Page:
Schools in conflict-ridden Oaxaca City were declared officially open Thursday after a six-month of teachers strike, but only a small percentage held classes due to ongoing teacher-parent conflicts, state officials said.

More than 1 million children had been out of the classrooms since late May when teachers went on strike across the southern Mexican state.

On Oct. 26, the educators agreed to accept pay raises and go back to work. Most schools opened soon after outside the capital, but instructors in Oaxaca City said unstable conditions there made it impossible to restart classes.

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The city continues to suffer from clashes between police and protesters who are demanding the resignation of state Gov. Ulises Ruiz.

What began as a teachers strike mushroomed in June into a wider protest movement involving various social and political groups. More than 4,000 federal police sent to the city by President Vicente Fox last month cleared the central square of protest camps but failed to quell the unrest.

Oaxaca has 13,000 public schools statewide, 2,500 of which are located in the capital of the same name. Yet only 350 city schools opened their doors to students Thursday, said state education director Abel Trejo. He did not provide the total number of students who returned to class.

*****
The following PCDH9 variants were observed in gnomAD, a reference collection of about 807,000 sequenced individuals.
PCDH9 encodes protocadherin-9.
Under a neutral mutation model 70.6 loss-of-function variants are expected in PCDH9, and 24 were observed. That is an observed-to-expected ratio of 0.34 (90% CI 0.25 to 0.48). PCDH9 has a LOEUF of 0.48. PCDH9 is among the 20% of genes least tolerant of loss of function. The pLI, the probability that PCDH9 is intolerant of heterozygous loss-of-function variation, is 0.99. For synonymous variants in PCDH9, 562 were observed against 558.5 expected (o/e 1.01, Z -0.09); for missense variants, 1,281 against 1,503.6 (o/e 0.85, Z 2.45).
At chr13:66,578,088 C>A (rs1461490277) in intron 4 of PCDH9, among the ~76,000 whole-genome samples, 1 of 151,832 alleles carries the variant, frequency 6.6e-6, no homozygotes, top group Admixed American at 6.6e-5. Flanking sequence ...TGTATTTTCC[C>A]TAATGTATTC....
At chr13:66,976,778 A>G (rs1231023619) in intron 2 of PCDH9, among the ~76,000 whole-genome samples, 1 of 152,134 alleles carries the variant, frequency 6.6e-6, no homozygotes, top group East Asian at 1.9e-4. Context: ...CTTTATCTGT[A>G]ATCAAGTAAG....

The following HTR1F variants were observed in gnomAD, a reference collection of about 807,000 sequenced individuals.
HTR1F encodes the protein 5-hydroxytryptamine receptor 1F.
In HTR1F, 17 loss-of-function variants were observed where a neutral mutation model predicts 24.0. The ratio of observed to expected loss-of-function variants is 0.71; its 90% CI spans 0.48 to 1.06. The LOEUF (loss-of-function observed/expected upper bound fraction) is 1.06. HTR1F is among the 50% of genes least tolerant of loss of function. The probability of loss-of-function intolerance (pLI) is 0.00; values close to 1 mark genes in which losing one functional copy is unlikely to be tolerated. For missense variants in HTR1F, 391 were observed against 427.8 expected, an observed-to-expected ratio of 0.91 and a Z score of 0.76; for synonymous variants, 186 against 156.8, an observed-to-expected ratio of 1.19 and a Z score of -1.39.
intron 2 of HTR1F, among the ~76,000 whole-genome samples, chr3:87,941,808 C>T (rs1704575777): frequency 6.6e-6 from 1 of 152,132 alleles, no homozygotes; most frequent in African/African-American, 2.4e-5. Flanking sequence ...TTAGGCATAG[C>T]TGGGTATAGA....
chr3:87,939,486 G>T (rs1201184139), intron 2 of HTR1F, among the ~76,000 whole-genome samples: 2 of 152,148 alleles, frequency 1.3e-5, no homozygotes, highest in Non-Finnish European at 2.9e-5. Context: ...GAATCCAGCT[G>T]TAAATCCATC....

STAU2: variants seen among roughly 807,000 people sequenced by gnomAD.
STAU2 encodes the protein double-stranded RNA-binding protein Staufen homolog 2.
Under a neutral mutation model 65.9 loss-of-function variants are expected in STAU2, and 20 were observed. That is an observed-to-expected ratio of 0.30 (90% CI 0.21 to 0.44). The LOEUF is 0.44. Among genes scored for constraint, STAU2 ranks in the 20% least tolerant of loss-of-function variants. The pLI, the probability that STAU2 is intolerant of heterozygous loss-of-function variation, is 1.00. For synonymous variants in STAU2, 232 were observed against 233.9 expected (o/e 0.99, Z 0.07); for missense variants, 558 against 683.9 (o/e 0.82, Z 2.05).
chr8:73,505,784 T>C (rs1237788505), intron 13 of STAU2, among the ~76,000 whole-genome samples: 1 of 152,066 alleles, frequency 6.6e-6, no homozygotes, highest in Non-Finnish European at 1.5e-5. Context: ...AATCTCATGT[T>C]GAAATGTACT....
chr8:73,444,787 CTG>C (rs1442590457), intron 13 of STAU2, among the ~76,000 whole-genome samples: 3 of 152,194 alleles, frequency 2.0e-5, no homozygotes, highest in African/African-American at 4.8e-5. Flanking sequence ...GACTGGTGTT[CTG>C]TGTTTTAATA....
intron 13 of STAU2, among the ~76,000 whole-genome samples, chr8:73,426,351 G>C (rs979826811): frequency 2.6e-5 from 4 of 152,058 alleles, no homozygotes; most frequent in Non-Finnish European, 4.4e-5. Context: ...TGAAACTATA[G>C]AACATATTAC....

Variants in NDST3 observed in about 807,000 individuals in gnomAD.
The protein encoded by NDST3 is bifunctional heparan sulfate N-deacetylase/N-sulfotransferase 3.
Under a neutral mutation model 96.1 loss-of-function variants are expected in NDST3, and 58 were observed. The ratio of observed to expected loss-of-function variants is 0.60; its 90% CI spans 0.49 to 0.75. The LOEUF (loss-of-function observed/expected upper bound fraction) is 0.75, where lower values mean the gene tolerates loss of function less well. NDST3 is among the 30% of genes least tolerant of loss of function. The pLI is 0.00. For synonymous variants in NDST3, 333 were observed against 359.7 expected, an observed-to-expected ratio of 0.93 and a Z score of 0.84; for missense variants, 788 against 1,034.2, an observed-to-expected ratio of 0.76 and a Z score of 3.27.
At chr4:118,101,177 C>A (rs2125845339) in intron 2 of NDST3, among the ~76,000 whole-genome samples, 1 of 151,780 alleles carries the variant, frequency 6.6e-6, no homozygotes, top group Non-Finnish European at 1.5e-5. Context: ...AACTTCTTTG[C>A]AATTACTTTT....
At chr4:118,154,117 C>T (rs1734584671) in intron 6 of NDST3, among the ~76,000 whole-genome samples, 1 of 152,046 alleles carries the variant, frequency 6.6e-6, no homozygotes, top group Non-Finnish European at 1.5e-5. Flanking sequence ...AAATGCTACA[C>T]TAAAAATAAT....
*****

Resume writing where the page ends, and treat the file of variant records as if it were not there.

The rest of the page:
Trejo cited at least two reasons for the poor attendance: There are still teachers who don't agree with the decision to end the strike, and some parents are angry with teachers and no longer want them instructing their children.

"I'm afraid that they're going to teach the children how to make gasoline bombs," said one parent, Ernestina Gomez, referring to the homemade weapons that some protesters have used during scuffles with police.

"I can't believe the teachers have the gall to return after months (away)," added parent Patricia Juarez Perez.

Ruiz, whose term ends in 2010, has refused calls to step down — some of them from within his own Institutional Revolution Party, which ruled Mexico for 71 years and often rigged elections before losing the presidency six years ago.

On Wednesday, the U.S. Embassy announced it was extending a travel warning advising U.S. citizens to avoid travel to Oaxaca and to "remain vigilant" throughout the country, citing recent bombings in Mexico City.